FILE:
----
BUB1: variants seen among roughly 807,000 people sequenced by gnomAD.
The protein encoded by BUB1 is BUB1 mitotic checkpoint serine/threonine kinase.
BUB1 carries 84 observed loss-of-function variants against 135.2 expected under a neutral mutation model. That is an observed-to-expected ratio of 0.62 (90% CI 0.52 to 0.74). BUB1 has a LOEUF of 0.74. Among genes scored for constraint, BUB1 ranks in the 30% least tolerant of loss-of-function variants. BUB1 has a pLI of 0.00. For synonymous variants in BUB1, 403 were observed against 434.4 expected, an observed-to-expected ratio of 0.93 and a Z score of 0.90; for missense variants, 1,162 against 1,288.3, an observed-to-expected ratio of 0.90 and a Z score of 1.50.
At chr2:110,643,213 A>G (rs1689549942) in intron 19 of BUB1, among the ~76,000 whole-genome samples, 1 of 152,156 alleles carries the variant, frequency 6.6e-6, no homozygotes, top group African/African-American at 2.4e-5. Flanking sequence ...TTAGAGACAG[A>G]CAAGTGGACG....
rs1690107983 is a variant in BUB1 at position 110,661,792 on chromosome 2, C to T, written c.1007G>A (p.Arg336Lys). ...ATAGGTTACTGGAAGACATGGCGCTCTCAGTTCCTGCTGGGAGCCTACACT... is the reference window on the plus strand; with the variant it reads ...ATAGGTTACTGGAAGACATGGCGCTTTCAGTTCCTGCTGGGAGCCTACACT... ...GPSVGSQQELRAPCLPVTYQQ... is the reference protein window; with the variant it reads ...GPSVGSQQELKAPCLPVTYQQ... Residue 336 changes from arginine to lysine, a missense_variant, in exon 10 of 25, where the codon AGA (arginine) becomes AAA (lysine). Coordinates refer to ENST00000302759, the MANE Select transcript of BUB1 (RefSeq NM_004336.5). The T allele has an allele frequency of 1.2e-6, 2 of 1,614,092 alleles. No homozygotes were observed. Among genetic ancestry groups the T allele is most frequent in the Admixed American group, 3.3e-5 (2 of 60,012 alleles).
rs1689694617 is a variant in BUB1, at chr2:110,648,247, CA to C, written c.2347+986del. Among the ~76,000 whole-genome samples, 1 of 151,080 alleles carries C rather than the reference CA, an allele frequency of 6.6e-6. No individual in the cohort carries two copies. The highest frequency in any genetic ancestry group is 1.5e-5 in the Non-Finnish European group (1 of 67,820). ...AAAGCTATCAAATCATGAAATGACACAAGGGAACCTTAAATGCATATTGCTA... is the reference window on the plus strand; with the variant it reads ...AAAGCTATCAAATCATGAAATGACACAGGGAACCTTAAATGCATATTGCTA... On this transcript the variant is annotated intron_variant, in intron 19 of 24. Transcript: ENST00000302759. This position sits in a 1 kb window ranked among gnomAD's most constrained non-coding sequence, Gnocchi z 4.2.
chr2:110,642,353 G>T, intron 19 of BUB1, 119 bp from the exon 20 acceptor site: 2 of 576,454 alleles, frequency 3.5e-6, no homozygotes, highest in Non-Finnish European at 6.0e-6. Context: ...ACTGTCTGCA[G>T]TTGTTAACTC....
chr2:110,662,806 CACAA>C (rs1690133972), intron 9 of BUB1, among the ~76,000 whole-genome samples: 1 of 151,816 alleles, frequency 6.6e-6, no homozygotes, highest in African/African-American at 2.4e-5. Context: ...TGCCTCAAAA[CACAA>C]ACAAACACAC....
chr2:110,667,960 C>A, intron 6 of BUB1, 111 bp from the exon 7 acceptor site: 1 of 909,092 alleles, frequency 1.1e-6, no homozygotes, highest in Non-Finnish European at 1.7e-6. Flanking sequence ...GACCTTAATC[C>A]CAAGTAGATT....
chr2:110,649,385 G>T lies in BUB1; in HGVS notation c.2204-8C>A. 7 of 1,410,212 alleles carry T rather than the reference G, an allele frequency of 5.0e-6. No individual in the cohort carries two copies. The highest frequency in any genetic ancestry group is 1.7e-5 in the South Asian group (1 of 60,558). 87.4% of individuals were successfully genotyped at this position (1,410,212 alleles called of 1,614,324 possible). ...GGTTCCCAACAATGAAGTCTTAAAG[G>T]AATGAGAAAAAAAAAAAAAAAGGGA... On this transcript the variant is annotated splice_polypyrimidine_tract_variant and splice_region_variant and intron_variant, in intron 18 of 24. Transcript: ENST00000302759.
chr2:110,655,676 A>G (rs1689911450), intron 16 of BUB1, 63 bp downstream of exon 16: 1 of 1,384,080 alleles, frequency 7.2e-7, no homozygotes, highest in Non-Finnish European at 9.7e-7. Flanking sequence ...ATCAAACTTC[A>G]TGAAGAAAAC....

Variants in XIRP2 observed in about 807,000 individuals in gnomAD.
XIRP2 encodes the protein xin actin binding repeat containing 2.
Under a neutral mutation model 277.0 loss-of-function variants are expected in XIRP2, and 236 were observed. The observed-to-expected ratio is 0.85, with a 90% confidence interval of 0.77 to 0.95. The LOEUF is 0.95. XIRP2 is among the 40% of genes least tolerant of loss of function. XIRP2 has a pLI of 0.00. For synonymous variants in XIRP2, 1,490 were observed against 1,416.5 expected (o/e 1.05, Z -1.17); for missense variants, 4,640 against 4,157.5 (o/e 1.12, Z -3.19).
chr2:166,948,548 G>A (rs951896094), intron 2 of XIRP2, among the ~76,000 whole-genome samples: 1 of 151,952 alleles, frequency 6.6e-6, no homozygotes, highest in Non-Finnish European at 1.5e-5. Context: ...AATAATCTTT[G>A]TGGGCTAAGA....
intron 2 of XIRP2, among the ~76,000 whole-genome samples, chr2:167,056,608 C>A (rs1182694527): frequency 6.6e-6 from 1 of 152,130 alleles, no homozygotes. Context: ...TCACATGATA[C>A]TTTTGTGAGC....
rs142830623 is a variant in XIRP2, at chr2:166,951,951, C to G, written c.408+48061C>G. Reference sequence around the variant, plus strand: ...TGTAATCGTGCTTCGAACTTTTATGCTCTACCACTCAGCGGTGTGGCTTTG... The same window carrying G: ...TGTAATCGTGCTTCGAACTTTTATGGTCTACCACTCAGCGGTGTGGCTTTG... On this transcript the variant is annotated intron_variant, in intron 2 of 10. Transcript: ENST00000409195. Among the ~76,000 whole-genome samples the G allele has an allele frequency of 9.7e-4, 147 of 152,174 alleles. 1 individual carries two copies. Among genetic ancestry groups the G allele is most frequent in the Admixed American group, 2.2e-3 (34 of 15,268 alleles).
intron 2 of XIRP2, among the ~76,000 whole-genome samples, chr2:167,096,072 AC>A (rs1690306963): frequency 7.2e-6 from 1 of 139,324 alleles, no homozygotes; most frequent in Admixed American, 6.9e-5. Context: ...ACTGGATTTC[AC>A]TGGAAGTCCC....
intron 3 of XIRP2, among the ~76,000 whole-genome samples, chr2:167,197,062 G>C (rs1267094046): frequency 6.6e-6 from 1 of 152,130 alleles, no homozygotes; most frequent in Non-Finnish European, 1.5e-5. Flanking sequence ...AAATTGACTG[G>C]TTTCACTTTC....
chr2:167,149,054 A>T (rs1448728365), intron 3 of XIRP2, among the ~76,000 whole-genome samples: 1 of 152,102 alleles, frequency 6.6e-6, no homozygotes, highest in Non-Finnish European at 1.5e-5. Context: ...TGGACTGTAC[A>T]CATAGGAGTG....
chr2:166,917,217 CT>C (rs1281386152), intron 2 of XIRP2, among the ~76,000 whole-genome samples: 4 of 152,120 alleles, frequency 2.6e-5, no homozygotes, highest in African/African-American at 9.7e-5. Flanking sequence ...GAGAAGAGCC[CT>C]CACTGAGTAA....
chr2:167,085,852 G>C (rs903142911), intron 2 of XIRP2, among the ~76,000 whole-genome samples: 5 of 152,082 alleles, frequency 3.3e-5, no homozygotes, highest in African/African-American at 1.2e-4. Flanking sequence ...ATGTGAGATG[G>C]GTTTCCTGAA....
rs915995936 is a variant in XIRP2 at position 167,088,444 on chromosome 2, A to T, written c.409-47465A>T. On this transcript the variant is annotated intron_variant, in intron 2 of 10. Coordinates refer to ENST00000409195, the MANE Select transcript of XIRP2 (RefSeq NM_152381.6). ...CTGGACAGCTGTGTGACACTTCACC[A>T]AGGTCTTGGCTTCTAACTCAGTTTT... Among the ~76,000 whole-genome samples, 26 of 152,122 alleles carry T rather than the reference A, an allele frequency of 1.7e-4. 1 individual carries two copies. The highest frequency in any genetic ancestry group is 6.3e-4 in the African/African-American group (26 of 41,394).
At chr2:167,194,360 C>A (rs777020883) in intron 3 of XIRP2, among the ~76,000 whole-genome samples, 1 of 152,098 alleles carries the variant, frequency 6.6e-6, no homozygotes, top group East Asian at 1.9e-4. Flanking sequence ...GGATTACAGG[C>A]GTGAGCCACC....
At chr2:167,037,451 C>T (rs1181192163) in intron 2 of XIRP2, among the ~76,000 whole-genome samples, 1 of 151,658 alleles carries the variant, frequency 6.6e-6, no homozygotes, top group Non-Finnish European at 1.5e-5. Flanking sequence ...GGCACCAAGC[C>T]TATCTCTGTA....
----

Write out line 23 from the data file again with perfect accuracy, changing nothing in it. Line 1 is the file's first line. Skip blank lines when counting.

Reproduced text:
rs915995936 is a variant in XIRP2 at position 167,088,444 on chromosome 2, A to T, written c.409-47465A>T. On this transcript the variant is annotated intron_variant, in intron 2 of 10. Coordinates refer to ENST00000409195, the MANE Select transcript of XIRP2 (RefSeq NM_152381.6). ...CTGGACAGCTGTGTGACACTTCACC[A>T]AGGTCTTGGCTTCTAACTCAGTTTT... Among the ~76,000 whole-genome samples, 26 of 152,122 alleles carry T rather than the reference A, an allele frequency of 1.7e-4. 1 individual carries two copies. The highest frequency in any genetic ancestry group is 6.3e-4 in the African/African-American group (26 of 41,394).